3. Develop heifers in drylot but move heifers to pasture 40 to 45 days before A.I. to adapt them to the nutritional and environmental change.

Is there any nutritional supplementation that will improve early breeding season pregnancy rates? Healthy rapidly growing embryos produce more of the proteins needed for maternal recognition of pregnancy compared to embryos that are delayed in growth. Essential fatty acids are needed by the developing embryo/conceptus for proper membrane development and enzyme function. Researchers from Texas A&M found that supplementation of essential fatty acids from A.I. to day 21 post-A.I. can increase conceptus size and produce greater concentrations of mRNA for important maternal recognition factors.

Calcium salts of soybean oil (CSSO) supply high levels of essential fatty acids that influence conceptus development. In a study using over 770 cows, Dr. Reinaldo Cook (Texas A&M University) and colleagues found that supplementing cows with 100 grams of CSSO from A.I. until 21 days after A.I. increased pregnancy rates over cows supplemented with a fat source that did not contain high levels of essential fatty acids (Table 3).

Impact of supplementation with CSSO' or a saturated fat

BCS and the percentage of cows showing heat before A.I. were not different between the two fat sources, indicating that the CSSO probably increased pregnancy by improving embryo/conceptus growth and maternal recognition factors.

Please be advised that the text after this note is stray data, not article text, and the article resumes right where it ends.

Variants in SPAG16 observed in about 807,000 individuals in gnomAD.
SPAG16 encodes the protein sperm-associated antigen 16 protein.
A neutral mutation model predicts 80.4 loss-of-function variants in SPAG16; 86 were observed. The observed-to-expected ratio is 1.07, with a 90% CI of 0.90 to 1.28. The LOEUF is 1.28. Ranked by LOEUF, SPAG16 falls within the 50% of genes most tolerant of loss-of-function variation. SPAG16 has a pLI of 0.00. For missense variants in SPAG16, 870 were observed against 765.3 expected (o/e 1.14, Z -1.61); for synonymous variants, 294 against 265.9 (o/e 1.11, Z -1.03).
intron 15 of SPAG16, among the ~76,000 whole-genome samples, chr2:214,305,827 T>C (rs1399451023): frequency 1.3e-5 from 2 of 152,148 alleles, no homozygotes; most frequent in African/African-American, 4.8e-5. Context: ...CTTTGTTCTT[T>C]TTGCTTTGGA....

The effects of CSSO on pregnancy rates were similar in Bos Taurus and Bos Indicus cattle, indicating CSSO supplementation will work across all cattle types. Most forms of CSSO are granular, but recently some companies are including CSSO in low-moisture molasses tubs. Recently, Texas A&M researchers compared the granular form of CSSO with CSSO in low-moisture tubs (Midcontinent Livestock Supplements). Whether CSSO came from the granular or tub form, the concentrations of essential fatty acids in circulation were increased to the same extent compared to unsupplemented cows.

As the breeding season approaches, keep cows in good body condition and consider adding management or supplementation strategies to increase early season pregnancies.  end mark

Melinda Ellison is a range livestock extension specialist with the University of Idaho. Email Melinda Ellison

John B. Hall
  • John B. Hall

  • Extension Beef Specialist
  • University of Idaho
  • Email John B. Hall